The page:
Rope

Sam eased the pack on his shoulders, and went over anxiously in his mind all the things that he had stowed in it, wondering if he had forgotten anything: his chief treasure, his cooking gear; and the little box of salt that he always carried and refilled when he could; […] flint and tinder; woollen hose; linen; various small belongings of his master’s that Frodo had forgotten and Sam had stowed to bring them out in triumph when they were called for. He went through them all.

“Rope!” he muttered. “No rope! And only last night you said to yourself: ‘Sam, what about a bit of rope? You’ll want it, if you haven’t got it.’ Well, I’ll want it. I can’t get it now.”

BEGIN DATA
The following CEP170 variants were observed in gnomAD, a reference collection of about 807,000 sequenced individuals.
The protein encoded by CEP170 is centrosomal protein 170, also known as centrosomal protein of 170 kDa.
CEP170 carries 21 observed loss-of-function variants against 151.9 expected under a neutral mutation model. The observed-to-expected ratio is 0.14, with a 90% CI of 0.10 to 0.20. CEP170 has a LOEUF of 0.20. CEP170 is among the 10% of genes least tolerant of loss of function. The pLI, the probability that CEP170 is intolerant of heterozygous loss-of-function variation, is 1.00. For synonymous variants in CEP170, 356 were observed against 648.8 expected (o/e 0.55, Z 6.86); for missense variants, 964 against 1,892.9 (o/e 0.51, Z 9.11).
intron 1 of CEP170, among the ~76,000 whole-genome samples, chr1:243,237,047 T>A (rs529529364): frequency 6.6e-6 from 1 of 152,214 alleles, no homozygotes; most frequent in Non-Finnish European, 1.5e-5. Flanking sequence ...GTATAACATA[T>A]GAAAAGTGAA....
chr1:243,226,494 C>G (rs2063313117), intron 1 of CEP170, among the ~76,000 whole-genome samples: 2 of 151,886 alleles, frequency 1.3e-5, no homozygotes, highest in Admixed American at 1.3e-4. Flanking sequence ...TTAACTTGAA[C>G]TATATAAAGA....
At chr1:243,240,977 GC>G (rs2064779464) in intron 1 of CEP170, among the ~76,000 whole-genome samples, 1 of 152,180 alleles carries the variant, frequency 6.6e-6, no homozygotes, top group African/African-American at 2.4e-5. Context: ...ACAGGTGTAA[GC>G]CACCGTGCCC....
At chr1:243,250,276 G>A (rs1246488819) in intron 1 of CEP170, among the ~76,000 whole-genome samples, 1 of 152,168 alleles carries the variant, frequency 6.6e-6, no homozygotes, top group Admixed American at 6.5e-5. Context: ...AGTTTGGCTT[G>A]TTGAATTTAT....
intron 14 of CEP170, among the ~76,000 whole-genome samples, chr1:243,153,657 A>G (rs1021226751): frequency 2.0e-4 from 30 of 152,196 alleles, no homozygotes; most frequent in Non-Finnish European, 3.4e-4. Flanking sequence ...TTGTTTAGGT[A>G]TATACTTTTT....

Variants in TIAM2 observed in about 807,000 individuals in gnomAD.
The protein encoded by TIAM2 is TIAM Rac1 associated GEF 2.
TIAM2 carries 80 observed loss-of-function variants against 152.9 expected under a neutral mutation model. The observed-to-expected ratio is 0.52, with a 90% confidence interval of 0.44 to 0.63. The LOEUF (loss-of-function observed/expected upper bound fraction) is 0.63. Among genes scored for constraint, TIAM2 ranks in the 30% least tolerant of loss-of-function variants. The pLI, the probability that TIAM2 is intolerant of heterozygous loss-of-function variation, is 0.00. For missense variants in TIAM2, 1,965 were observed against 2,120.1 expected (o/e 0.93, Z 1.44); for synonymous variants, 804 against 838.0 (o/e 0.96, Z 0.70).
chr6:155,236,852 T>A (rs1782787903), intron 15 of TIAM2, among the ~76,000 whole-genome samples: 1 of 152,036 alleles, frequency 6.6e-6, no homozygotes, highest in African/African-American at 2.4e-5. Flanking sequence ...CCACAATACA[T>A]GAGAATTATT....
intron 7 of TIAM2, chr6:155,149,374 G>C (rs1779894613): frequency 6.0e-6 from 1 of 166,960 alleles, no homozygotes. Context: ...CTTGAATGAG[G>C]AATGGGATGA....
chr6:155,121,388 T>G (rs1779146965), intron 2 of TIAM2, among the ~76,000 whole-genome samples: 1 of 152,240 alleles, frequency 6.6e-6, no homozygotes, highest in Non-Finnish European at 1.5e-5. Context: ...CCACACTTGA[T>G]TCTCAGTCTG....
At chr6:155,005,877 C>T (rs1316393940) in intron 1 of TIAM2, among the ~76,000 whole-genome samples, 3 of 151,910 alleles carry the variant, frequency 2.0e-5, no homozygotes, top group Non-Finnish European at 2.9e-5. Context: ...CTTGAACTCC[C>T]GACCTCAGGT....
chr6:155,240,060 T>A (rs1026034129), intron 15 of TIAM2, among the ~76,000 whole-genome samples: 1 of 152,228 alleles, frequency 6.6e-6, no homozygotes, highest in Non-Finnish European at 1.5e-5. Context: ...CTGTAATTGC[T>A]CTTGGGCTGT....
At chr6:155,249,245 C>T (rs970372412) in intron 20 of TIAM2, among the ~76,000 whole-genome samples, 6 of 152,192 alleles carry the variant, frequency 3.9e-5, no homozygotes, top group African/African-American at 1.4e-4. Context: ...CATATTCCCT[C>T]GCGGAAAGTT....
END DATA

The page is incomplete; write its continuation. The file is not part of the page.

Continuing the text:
– JRR Tolkin, Fellowship of the Ring

Why Thinking Day

In 1926, Girl Guide and Girl Scout delegates from around the globe met in the USA for the 4th World Conference. Among other decisions, they agreed that there should be a special annual day when Girl Guides and Girl Scouts around the world think of each other and express their thanks and appreciation for our international Movement. This was called Thinking Day. The delegates chose 22 February as the date for Thinking Day because it was the birthday of both Lord Baden-Powell, founder of the Boy Scout Movement, and Olave Baden-Powell, who was World Chief Guide.

WAGGGS.org

Why I’m a Girl Scout leader

But you and I know that the fun, the games, the adventures are only a means in Girl Scouting — a means to a most important end. These are the tools we use to help girls grow into happy and resourceful citizens …

This doesn’t happen in a day, or in a year, or maybe not even in two of three. For that reason Girl Scouting should be a special ingredient in the lives of girls — seven through seventeen. And it can … That’s why I’m a Girl Scout leader.
– Debbie Reynolds